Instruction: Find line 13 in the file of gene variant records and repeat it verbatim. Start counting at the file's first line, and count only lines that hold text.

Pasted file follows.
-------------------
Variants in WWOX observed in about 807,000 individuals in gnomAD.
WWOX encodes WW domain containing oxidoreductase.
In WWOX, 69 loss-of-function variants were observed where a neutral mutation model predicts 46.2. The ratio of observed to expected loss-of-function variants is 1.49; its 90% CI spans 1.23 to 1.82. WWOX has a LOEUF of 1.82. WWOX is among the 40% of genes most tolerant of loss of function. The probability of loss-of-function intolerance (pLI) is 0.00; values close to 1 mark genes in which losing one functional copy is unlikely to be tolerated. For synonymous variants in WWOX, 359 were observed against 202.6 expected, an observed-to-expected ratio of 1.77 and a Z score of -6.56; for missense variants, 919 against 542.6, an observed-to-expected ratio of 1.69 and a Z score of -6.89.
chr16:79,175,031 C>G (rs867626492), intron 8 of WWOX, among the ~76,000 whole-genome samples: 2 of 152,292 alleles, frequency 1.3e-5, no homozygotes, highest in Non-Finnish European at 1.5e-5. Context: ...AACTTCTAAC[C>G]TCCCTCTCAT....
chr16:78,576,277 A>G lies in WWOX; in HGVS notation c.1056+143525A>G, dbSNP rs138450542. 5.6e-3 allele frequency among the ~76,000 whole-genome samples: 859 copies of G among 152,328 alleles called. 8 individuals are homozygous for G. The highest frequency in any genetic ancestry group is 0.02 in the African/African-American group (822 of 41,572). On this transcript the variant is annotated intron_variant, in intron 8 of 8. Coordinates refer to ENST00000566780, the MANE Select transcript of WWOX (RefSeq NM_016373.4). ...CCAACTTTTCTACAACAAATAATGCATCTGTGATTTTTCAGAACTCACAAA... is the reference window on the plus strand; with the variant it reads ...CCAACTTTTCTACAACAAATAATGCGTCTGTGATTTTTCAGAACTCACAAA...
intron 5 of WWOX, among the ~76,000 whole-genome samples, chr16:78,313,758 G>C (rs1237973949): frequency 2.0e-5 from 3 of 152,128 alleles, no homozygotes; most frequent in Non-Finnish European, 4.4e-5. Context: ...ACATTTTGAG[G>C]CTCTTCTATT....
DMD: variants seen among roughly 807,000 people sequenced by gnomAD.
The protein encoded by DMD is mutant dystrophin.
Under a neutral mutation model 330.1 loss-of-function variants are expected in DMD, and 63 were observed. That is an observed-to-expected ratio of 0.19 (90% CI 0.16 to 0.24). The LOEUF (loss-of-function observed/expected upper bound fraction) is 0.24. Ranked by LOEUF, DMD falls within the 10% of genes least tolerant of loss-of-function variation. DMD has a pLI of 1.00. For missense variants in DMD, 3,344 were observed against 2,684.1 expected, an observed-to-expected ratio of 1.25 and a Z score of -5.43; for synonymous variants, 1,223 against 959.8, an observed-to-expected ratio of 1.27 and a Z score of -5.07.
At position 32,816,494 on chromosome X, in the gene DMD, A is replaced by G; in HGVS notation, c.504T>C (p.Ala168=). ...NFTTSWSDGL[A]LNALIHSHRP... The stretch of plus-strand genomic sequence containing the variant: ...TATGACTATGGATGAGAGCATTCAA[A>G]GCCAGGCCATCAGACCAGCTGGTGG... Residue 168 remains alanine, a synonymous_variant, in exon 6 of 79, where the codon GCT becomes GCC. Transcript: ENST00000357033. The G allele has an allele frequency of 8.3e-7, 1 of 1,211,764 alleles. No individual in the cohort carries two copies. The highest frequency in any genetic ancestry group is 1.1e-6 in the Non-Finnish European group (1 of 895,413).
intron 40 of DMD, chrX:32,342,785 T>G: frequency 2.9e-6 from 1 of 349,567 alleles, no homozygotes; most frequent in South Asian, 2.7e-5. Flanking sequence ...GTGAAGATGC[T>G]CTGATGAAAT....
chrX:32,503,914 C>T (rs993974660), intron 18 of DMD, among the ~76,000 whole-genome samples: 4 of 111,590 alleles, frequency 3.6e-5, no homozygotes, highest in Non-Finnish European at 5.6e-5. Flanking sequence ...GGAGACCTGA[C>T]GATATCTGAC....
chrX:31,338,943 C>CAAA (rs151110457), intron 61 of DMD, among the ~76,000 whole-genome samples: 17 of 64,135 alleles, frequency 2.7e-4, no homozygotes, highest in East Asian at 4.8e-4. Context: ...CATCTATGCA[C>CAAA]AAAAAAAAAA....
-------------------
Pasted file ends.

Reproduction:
chrX:31,338,943 C>CAAA (rs151110457), intron 61 of DMD, among the ~76,000 whole-genome samples: 17 of 64,135 alleles, frequency 2.7e-4, no homozygotes, highest in East Asian at 4.8e-4. Context: ...CATCTATGCA[C>CAAA]AAAAAAAAAA....